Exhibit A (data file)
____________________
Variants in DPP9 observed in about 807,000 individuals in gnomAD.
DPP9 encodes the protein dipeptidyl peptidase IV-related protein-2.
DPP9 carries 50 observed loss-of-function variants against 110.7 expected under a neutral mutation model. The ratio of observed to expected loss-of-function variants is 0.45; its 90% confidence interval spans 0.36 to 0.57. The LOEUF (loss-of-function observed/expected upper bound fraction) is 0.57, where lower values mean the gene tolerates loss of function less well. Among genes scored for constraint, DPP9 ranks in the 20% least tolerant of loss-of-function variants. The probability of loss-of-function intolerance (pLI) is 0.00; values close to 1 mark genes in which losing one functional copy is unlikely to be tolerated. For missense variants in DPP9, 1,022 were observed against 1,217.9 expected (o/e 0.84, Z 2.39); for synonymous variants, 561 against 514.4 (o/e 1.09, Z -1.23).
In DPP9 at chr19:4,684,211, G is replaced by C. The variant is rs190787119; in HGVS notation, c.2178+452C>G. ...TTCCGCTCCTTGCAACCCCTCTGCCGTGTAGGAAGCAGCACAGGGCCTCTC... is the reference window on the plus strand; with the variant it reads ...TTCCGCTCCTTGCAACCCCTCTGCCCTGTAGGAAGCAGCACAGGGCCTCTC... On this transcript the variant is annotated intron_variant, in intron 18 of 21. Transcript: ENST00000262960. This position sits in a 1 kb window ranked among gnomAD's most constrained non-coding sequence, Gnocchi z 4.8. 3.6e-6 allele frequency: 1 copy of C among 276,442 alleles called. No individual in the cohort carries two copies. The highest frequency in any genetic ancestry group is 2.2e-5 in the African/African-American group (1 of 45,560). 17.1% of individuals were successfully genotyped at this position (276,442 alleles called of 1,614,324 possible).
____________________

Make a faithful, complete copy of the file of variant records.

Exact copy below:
Variants in DPP9 observed in about 807,000 individuals in gnomAD.
DPP9 encodes the protein dipeptidyl peptidase IV-related protein-2.
DPP9 carries 50 observed loss-of-function variants against 110.7 expected under a neutral mutation model. The ratio of observed to expected loss-of-function variants is 0.45; its 90% confidence interval spans 0.36 to 0.57. The LOEUF (loss-of-function observed/expected upper bound fraction) is 0.57, where lower values mean the gene tolerates loss of function less well. Among genes scored for constraint, DPP9 ranks in the 20% least tolerant of loss-of-function variants. The probability of loss-of-function intolerance (pLI) is 0.00; values close to 1 mark genes in which losing one functional copy is unlikely to be tolerated. For missense variants in DPP9, 1,022 were observed against 1,217.9 expected (o/e 0.84, Z 2.39); for synonymous variants, 561 against 514.4 (o/e 1.09, Z -1.23).
In DPP9 at chr19:4,684,211, G is replaced by C. The variant is rs190787119; in HGVS notation, c.2178+452C>G. ...TTCCGCTCCTTGCAACCCCTCTGCCGTGTAGGAAGCAGCACAGGGCCTCTC... is the reference window on the plus strand; with the variant it reads ...TTCCGCTCCTTGCAACCCCTCTGCCCTGTAGGAAGCAGCACAGGGCCTCTC... On this transcript the variant is annotated intron_variant, in intron 18 of 21. Transcript: ENST00000262960. This position sits in a 1 kb window ranked among gnomAD's most constrained non-coding sequence, Gnocchi z 4.8. 3.6e-6 allele frequency: 1 copy of C among 276,442 alleles called. No individual in the cohort carries two copies. The highest frequency in any genetic ancestry group is 2.2e-5 in the African/African-American group (1 of 45,560). 17.1% of individuals were successfully genotyped at this position (276,442 alleles called of 1,614,324 possible).